01 Feb 2019
Message from Graham Lord
I am delighted to be in Manchester at last and looking forward to meeting you and working with you as the new Dean of the Faculty of Biology, Medicine and Health.
Becoming the Dean in a Faculty that’s the size of a university, within one of the UK’s largest universities is a huge privilege for me. I know that we can make an impact in science, education and clinical translation at scale, and it is very exciting to be a part of that. Manchester is an extraordinary university and our Faculty sits at the heart of the university’s interface with the wider health service and the Greater Manchester area. I strongly believe that working together we have the opportunity to make a difference to the lives of people in our region, and further afield.
I have a deep commitment to this city. I grew up here and my mum and dad still live down the road. My dad was a cancer biologist at the Paterson, so I grew up as a young kid wandering around the corridors of that building. My mum was a renal pathology technician at the Royal Manchester Children’s Hospital when it was at Pendlebury, and my sister is an oncologist at Clatterbridge. This is a fantastic university and an incredible Faculty. The people, scale and devolved healthcare system provide us with a unique opportunity. Manchester is now at an inflexion point where it can really punch above its weight. I’m eager to join you in contributing to the journey ahead where we can drive our research and our teaching into a space that has real impact in multiple ways.
I’m a clinical academic, a transplant nephrologist with a focus on renal, pancreatic and islet transplantation. Fundamental immunology and how it applies to human disease - be that in transplantation, autoimmunity or cancer immunology - has always been at the heart of my work. I passionately believe in the importance of basic discovery science and widening understanding of the mechanisms of disease, so that there can be rapid translation of that learning into new treatments for the benefit of patients. That’s one of the things that’s exciting about coming here, not only in being in this important leadership role, but also transitioning my lab up here. I see the opportunities for research to influence practice at pace in Manchester as unique.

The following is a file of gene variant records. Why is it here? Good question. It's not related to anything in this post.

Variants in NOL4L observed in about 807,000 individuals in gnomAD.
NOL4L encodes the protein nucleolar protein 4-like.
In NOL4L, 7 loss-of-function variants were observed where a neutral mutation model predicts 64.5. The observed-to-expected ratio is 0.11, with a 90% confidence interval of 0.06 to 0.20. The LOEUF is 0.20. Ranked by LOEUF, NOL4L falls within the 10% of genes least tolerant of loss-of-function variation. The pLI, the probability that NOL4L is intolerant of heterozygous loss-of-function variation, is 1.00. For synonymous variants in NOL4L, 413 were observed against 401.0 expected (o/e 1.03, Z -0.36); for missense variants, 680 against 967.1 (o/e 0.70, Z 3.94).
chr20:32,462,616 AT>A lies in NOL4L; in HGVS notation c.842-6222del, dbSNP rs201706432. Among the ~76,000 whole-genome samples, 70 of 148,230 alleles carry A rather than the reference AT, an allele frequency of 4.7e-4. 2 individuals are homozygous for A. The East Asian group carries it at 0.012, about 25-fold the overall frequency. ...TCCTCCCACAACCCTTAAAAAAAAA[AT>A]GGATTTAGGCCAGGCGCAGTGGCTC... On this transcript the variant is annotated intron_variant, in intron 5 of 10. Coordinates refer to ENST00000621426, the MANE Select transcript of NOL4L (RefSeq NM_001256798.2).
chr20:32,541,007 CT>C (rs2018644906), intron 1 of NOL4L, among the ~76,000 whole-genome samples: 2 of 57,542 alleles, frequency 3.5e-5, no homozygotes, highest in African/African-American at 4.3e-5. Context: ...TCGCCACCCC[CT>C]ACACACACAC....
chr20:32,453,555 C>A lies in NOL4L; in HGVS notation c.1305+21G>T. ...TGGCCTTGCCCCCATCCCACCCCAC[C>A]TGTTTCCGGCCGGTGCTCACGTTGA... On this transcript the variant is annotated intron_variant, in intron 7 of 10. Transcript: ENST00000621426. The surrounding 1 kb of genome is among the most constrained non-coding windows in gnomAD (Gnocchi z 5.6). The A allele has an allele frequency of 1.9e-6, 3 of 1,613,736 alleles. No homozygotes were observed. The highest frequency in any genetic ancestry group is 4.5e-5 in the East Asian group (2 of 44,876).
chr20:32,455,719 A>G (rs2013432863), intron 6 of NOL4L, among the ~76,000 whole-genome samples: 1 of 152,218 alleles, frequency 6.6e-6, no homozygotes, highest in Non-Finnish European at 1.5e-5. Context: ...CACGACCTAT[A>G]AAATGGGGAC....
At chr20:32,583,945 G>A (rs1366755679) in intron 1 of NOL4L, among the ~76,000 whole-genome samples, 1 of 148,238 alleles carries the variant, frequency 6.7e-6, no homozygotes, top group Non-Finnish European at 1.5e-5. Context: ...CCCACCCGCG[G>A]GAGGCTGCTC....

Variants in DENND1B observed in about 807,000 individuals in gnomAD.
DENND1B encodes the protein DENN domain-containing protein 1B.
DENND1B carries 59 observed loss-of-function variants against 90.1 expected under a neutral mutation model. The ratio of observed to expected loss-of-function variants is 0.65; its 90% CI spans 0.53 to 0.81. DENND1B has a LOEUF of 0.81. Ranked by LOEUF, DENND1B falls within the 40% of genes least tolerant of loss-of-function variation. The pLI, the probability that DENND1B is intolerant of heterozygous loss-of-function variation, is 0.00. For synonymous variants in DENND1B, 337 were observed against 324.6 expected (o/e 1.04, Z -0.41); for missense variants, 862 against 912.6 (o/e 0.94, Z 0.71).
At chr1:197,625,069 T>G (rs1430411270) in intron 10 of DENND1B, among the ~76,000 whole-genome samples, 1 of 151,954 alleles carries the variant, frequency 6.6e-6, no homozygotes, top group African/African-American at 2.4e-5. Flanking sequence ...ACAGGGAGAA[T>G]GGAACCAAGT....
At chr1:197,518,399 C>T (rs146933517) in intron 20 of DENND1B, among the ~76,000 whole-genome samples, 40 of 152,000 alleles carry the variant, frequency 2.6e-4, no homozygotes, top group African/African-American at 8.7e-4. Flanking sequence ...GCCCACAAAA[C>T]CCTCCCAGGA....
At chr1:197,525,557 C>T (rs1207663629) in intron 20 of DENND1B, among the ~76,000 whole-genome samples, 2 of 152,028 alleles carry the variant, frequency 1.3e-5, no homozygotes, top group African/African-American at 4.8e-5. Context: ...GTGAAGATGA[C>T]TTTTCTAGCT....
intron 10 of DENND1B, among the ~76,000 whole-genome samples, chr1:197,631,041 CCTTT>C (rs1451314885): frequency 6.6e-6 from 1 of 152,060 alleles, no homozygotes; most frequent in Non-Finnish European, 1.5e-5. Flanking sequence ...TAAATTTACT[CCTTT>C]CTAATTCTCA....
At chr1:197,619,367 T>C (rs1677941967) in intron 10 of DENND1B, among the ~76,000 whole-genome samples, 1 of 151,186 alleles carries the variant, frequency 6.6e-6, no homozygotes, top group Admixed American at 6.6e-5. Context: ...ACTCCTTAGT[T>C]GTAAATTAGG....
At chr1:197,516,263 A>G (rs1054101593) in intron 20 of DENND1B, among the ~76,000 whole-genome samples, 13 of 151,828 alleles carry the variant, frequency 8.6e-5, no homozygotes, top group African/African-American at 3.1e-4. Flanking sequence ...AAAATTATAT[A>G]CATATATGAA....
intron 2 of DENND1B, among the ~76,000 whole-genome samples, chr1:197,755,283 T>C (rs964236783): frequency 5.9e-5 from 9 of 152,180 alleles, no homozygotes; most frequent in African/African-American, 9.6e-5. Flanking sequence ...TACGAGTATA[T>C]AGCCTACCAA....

As a leader I am most looking forward to talking with all of you and hearing your views about how we can continually improve our offering, the relevance and quality of our science, and our student experience - preparing them for life after university. I am enthusiastic to get everyone’s ideas so that we can put together a new FBMH strategy for the next 10 years.
There are a number of components to the student experience. One of our primary roles is in education and it is absolutely vital that our students are taught by world leading researchers and that our students are able to see the research and practice in real time, so they have both a taught experience and see world class research in action. It’s also important that our students have transferable skills so that they can thrive once they go beyond the walls of the university. The city of Manchester is a great place to live and fundamental to our student experience is creating a positive and life-enhancing environment for our students. My vision is that our students and graduates will also contribute to the success of the city too - if we can achieve all of this, we will have done our job well.